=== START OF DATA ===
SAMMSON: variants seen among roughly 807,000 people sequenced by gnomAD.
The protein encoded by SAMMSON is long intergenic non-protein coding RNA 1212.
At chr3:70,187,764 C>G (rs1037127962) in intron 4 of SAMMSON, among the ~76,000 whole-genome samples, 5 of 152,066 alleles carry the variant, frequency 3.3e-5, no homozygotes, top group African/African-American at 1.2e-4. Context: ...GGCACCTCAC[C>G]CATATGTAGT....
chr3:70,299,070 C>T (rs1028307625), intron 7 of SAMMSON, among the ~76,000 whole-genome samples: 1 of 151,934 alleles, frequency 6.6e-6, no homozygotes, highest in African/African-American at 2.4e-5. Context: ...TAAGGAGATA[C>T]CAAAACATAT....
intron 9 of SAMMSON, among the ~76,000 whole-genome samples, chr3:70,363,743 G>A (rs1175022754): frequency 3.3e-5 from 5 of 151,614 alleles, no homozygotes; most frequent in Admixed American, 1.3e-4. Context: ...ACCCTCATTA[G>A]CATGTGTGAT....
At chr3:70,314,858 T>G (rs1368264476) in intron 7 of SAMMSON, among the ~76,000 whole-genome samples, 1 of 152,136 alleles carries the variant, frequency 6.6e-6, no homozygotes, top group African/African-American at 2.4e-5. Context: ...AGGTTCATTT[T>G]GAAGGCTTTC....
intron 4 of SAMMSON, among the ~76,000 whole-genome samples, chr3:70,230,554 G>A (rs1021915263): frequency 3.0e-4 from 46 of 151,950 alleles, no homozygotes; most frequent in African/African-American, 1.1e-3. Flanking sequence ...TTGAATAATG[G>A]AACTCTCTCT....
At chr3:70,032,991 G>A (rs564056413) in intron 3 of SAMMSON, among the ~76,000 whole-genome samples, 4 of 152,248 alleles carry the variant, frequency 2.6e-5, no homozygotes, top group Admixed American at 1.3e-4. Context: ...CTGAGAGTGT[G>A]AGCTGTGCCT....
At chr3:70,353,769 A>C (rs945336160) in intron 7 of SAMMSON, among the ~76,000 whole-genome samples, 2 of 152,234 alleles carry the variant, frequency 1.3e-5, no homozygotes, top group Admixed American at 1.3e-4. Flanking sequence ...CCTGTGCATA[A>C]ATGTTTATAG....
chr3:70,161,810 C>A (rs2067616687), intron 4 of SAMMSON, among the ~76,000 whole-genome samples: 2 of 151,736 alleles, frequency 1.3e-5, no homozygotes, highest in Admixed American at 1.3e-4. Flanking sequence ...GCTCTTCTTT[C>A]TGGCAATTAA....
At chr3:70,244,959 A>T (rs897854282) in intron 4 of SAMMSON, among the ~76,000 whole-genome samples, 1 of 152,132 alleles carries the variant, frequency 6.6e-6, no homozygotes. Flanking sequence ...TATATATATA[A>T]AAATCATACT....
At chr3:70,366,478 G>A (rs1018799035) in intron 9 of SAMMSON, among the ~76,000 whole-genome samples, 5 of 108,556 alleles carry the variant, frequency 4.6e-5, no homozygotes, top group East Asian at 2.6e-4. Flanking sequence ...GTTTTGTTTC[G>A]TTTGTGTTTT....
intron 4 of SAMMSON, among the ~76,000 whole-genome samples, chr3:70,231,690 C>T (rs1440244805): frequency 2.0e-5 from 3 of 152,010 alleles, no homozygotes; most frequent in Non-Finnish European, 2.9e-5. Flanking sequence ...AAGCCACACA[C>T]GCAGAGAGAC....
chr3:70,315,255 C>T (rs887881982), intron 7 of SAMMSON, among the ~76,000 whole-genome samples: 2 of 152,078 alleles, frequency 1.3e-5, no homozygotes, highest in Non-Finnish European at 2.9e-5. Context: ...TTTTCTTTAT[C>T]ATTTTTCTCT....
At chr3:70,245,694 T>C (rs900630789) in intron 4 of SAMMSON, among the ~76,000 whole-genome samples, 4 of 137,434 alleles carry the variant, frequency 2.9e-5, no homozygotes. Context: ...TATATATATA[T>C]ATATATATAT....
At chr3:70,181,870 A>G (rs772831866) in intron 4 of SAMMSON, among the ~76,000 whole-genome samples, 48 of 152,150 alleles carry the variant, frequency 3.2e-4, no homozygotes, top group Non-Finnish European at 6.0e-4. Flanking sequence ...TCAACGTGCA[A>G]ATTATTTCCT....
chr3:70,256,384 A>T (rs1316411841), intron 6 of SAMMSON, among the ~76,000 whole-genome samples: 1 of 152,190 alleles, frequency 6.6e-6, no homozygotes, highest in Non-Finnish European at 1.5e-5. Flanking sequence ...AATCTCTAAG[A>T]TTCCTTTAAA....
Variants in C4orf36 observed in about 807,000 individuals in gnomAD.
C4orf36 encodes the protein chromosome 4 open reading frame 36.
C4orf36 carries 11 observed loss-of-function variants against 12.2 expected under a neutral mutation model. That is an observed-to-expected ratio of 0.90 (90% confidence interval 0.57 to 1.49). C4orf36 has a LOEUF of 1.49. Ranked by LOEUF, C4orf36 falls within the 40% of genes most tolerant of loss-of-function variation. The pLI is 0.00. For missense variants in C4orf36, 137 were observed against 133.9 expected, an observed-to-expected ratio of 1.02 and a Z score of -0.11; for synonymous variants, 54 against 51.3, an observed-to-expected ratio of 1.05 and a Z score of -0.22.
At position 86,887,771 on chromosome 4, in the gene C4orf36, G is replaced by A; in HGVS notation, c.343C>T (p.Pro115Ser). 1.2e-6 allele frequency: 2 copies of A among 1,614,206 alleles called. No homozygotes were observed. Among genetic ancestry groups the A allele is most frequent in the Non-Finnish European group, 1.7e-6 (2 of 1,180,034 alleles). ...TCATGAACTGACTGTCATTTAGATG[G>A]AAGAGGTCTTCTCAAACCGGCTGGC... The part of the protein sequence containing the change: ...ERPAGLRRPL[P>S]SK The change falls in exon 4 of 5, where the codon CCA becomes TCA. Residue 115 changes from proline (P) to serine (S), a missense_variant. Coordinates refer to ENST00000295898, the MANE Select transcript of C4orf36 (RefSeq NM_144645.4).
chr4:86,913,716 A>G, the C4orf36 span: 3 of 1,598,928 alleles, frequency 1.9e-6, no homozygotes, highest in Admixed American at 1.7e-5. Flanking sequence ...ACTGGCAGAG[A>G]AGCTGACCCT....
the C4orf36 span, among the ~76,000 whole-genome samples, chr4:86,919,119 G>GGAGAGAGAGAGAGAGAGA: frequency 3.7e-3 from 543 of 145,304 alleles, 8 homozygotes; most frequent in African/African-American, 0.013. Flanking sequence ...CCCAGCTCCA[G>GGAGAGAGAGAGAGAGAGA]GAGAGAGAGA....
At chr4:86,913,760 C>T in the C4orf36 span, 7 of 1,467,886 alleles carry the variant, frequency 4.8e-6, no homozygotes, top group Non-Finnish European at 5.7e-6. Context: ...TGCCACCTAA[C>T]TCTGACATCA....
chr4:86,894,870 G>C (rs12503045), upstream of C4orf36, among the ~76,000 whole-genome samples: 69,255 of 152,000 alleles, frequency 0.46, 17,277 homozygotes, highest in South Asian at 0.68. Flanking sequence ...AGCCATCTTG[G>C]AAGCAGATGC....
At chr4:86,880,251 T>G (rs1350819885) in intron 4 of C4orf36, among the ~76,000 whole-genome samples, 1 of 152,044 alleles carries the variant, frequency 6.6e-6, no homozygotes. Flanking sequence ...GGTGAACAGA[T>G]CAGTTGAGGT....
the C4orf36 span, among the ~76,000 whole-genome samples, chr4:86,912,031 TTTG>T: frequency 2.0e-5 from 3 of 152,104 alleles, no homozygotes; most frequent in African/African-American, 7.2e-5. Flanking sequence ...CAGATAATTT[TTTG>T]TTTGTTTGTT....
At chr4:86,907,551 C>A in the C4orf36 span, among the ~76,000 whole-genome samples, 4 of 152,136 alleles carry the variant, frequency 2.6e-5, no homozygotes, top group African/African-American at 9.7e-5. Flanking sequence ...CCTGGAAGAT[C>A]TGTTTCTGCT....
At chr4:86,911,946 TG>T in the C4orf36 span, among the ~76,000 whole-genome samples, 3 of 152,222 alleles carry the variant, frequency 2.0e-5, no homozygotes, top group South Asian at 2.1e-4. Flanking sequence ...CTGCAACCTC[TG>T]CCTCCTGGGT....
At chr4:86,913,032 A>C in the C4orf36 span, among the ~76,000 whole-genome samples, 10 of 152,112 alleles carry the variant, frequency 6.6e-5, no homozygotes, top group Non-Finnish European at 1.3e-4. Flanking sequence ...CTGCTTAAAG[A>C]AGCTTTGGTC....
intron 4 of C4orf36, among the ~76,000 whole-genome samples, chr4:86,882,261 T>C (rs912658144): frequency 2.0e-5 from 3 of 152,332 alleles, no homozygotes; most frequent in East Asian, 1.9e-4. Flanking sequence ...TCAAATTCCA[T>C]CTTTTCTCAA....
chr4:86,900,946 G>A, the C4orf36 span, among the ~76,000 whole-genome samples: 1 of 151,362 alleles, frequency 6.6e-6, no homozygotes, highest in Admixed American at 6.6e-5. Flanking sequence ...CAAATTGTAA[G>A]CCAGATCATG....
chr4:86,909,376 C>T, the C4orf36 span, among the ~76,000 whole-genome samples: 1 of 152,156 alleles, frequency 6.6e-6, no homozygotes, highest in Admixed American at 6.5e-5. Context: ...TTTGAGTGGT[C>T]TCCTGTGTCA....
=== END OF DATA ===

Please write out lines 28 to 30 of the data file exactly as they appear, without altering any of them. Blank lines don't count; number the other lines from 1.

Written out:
At chr4:86,907,551 C>A in the C4orf36 span, among the ~76,000 whole-genome samples, 4 of 152,136 alleles carry the variant, frequency 2.6e-5, no homozygotes, top group African/African-American at 9.7e-5. Flanking sequence ...CCTGGAAGAT[C>A]TGTTTCTGCT....
At chr4:86,911,946 TG>T in the C4orf36 span, among the ~76,000 whole-genome samples, 3 of 152,222 alleles carry the variant, frequency 2.0e-5, no homozygotes, top group South Asian at 2.1e-4. Flanking sequence ...CTGCAACCTC[TG>T]CCTCCTGGGT....
At chr4:86,913,032 A>C in the C4orf36 span, among the ~76,000 whole-genome samples, 10 of 152,112 alleles carry the variant, frequency 6.6e-5, no homozygotes, top group Non-Finnish European at 1.3e-4. Flanking sequence ...CTGCTTAAAG[A>C]AGCTTTGGTC....